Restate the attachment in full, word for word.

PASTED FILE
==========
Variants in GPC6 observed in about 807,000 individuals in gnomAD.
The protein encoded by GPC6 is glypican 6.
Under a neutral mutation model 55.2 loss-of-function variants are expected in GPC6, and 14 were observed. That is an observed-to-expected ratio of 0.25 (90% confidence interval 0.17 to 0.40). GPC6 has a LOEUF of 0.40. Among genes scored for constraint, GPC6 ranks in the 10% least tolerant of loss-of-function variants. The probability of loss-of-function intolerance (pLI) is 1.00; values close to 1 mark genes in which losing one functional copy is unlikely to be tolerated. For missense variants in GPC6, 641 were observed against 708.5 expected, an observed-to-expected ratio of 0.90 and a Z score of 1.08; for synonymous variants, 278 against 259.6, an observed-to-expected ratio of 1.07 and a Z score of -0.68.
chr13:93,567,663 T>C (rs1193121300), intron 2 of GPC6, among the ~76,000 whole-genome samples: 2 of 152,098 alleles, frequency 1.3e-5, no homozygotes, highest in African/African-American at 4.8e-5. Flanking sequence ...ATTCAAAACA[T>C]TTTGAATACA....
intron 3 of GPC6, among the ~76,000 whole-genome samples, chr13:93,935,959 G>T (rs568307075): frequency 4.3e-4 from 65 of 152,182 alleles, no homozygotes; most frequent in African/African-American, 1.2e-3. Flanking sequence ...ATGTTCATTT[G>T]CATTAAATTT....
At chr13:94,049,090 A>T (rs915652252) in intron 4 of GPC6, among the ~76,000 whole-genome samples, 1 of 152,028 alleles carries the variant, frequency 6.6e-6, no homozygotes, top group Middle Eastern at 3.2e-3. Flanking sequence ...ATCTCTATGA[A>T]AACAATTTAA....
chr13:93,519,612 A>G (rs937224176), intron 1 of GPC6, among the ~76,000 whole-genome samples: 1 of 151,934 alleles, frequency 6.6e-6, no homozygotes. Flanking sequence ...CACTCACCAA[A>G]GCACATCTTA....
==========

Variants in GPC6 observed in about 807,000 individuals in gnomAD.
The protein encoded by GPC6 is glypican 6.
Under a neutral mutation model 55.2 loss-of-function variants are expected in GPC6, and 14 were observed. That is an observed-to-expected ratio of 0.25 (90% confidence interval 0.17 to 0.40). GPC6 has a LOEUF of 0.40. Among genes scored for constraint, GPC6 ranks in the 10% least tolerant of loss-of-function variants. The probability of loss-of-function intolerance (pLI) is 1.00; values close to 1 mark genes in which losing one functional copy is unlikely to be tolerated. For missense variants in GPC6, 641 were observed against 708.5 expected, an observed-to-expected ratio of 0.90 and a Z score of 1.08; for synonymous variants, 278 against 259.6, an observed-to-expected ratio of 1.07 and a Z score of -0.68.
chr13:93,567,663 T>C (rs1193121300), intron 2 of GPC6, among the ~76,000 whole-genome samples: 2 of 152,098 alleles, frequency 1.3e-5, no homozygotes, highest in African/African-American at 4.8e-5. Flanking sequence ...ATTCAAAACA[T>C]TTTGAATACA....
intron 3 of GPC6, among the ~76,000 whole-genome samples, chr13:93,935,959 G>T (rs568307075): frequency 4.3e-4 from 65 of 152,182 alleles, no homozygotes; most frequent in African/African-American, 1.2e-3. Flanking sequence ...ATGTTCATTT[G>T]CATTAAATTT....
At chr13:94,049,090 A>T (rs915652252) in intron 4 of GPC6, among the ~76,000 whole-genome samples, 1 of 152,028 alleles carries the variant, frequency 6.6e-6, no homozygotes, top group Middle Eastern at 3.2e-3. Flanking sequence ...ATCTCTATGA[A>T]AACAATTTAA....
chr13:93,519,612 A>G (rs937224176), intron 1 of GPC6, among the ~76,000 whole-genome samples: 1 of 151,934 alleles, frequency 6.6e-6, no homozygotes. Flanking sequence ...CACTCACCAA[A>G]GCACATCTTA....